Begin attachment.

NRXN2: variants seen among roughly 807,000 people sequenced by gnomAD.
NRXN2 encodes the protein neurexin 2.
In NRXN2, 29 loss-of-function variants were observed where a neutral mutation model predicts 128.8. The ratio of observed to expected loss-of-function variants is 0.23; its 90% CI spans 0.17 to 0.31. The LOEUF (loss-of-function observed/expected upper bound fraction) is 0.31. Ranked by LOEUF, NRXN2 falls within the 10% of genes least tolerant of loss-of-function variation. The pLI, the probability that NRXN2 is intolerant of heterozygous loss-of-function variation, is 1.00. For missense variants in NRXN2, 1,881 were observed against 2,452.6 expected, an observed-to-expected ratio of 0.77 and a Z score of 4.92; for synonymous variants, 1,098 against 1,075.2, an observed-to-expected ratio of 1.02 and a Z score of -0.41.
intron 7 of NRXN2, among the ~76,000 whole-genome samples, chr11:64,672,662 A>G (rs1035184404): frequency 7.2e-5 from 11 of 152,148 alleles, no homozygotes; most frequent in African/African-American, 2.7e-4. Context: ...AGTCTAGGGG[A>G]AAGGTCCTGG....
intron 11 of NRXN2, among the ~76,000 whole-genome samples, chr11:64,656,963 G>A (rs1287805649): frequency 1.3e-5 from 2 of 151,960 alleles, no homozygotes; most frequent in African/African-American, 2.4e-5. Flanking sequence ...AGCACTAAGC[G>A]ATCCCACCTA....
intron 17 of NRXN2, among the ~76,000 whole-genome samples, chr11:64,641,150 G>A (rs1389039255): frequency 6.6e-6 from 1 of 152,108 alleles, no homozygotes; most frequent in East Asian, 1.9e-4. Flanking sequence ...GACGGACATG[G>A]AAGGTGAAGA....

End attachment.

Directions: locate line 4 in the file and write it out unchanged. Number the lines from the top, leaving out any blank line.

intron 7 of NRXN2, among the ~76,000 whole-genome samples, chr11:64,672,662 A>G (rs1035184404): frequency 7.2e-5 from 11 of 152,148 alleles, no homozygotes; most frequent in African/African-American, 2.7e-4. Context: ...AGTCTAGGGG[A>G]AAGGTCCTGG....